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Discography > Albums > My Generation

My Generation

For more information check these links:
Liner Notes with additions and corrections by Brian Cady
Wikipedia
Whitefang's Who Site

Disc Track # Song
1 1Out in the Street
1 2I Don't Mind
1 3The Good's Gone
1 4La La La Lies
1 5Much Too Much
1 6My Generation
1 7The Kids Are Alright
1 8Please, Please, Please
1 9It's Not True
1 10I'm a Man
1 11A Legal Matter
1 12The Ox
1 13Circles
1 14I Can't Explain
1 15Bald Headed Woman
1 16Daddy Rolling Stone
2 1Leaving Here
2 2Lubie (Come Back Home)
2 3Shout and Shimmy
2 4Heat Wave
2 5Motoring
2 6Anytime You Want Me
2 7Anyway, Anyhow, Anywhere
2 8Instant Party Mixture
2 9I Don't Mind
2 10The Good's Gone
2 11My Generation
2 12Anytime You Want Me
2 13A Legal Matter
2 14My Generation

Buy it at one of these fine online retailers
The Who - My Generation

Here are some reviews of this album:


Reviewer: anonymous
Rating:

This is the ultimate of the Who's early work, and as far as I'm concerned the top albums of the sixties are My Generation, Revolver, Let It Bleed, The Stooges and Led Zeppelin (not in that specific order). When I read the reviews written by some fans I couldn't believe what I was hearing, people nowadays just can't understand what raw production is about, who wants a record like this to be remastered ? The production is perfect, it captures the Who's aggression and bite perfectly, and is the pure middle finger to all the refined rock acts who have been picked up and polished by modern technology. The Who have made a great album whose production suits it perfectly, why wreck it?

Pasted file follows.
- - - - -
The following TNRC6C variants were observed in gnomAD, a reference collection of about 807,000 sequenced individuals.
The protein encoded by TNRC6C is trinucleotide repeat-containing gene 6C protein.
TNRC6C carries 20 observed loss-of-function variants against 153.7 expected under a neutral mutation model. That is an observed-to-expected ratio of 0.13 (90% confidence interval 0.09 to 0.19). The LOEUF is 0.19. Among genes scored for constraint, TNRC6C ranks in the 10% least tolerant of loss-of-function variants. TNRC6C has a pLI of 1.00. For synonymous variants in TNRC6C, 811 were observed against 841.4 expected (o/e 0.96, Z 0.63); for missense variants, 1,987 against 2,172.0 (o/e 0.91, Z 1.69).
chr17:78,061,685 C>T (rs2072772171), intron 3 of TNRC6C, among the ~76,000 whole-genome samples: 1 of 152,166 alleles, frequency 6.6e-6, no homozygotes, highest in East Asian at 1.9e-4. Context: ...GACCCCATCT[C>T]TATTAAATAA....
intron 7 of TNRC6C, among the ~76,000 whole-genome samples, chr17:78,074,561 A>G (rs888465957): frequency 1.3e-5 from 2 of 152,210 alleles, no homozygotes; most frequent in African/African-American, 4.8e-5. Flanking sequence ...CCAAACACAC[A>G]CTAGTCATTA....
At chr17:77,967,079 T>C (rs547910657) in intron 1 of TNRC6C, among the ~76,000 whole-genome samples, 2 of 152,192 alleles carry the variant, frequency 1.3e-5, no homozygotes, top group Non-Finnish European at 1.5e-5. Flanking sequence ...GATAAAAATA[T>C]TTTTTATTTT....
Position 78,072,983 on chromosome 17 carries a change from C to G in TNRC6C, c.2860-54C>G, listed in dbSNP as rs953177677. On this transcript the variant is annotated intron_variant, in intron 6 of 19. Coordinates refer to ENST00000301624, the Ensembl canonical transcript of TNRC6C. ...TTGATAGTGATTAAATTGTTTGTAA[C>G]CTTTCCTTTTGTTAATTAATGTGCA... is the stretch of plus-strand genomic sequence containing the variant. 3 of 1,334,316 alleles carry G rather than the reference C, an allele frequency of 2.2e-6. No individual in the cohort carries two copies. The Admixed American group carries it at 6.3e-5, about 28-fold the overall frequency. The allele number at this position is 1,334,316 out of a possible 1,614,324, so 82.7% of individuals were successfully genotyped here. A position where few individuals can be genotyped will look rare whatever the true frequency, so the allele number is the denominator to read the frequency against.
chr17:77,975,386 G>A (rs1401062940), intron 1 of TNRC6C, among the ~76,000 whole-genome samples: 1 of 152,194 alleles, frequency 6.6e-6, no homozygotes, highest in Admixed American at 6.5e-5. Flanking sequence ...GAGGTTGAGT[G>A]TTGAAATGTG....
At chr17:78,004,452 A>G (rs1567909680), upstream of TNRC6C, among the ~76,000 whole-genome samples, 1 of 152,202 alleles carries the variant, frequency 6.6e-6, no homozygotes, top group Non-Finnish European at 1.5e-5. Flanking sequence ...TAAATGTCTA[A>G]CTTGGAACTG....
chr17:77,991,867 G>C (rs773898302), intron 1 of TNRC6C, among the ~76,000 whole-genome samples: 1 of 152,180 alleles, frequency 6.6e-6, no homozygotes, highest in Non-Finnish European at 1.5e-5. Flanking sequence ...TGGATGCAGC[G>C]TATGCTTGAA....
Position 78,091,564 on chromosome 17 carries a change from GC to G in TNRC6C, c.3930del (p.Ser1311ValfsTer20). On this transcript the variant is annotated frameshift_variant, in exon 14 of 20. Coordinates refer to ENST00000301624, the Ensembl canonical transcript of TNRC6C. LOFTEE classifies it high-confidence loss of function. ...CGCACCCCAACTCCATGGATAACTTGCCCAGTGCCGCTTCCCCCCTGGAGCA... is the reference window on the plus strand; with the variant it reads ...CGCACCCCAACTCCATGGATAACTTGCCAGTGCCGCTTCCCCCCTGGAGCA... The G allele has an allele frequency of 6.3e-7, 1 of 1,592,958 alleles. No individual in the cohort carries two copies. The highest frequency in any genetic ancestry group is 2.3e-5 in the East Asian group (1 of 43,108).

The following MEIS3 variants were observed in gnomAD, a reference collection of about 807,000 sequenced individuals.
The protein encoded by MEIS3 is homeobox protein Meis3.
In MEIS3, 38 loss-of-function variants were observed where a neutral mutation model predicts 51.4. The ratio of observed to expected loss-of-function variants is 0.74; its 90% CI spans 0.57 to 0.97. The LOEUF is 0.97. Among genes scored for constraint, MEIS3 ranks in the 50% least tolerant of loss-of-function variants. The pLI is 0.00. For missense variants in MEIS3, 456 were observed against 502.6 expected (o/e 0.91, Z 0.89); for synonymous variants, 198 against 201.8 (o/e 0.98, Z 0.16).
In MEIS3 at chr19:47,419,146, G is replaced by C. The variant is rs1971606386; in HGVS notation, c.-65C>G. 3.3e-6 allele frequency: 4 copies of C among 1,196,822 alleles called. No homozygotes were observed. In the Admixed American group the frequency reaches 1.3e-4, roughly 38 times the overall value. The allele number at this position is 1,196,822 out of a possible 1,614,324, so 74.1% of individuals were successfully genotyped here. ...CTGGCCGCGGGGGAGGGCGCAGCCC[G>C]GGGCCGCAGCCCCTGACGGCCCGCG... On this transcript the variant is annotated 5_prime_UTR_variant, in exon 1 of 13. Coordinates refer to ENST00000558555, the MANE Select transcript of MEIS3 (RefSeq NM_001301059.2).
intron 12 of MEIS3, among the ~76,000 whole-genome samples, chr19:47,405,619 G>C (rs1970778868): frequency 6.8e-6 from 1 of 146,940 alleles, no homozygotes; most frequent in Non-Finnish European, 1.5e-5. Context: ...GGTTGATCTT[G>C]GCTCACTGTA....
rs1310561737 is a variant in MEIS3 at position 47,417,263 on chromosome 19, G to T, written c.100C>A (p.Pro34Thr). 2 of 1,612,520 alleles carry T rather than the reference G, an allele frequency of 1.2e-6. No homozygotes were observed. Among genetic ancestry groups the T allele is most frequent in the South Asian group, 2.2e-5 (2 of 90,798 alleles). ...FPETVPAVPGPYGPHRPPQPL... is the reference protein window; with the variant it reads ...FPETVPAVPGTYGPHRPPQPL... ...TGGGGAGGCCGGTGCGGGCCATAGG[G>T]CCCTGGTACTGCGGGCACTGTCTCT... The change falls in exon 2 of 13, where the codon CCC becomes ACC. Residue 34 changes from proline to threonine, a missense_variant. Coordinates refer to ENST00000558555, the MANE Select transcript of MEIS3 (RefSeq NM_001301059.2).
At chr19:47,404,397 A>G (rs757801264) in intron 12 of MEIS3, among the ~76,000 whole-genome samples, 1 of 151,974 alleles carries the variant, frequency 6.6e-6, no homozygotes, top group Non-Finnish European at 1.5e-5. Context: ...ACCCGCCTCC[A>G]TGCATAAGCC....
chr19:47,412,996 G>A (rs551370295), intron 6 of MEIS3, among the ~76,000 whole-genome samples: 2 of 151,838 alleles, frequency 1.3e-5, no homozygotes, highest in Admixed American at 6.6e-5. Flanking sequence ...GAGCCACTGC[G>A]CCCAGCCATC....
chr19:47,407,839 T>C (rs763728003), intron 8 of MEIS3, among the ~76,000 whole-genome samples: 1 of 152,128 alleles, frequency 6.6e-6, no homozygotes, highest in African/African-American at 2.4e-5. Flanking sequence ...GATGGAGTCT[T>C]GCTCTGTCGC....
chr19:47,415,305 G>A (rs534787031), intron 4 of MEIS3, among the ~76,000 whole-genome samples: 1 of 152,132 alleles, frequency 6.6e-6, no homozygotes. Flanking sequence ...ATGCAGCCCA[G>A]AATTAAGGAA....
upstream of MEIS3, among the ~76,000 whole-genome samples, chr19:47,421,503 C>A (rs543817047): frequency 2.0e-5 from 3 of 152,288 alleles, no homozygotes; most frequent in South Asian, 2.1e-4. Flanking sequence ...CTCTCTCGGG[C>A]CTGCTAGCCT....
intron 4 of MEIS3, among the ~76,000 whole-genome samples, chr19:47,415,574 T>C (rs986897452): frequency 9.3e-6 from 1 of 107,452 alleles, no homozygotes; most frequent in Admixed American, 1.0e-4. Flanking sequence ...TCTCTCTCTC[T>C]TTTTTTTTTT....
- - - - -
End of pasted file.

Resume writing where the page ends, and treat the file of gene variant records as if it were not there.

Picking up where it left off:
Enough of the production though, what about the songs: Out In The Street, La La La Lies, It's Not True, and The Ox are pure stomp alongs; I Don't Mind, and Please, Please, Please show Daltrey's voice tackling soul with success; A Legal Matter see's Townshend on vocal, and he delivers to great effect, despite the fact that his voice lacks the power, leer, and downright aggression of Daltrey's; The Kids Are Alright and Instant Party show that the Who were aware of the downside to their aggressive lifestyle; and My Generation is every bit the monster it was when first relief, Daltrey's voice oozes aggression, Townshend's guitar sends it's chords off like machine gun fire, Moon's drumming is incredible, but the prize goes to Entwhistle, whose bass solo must be the only bass line that fans play along to.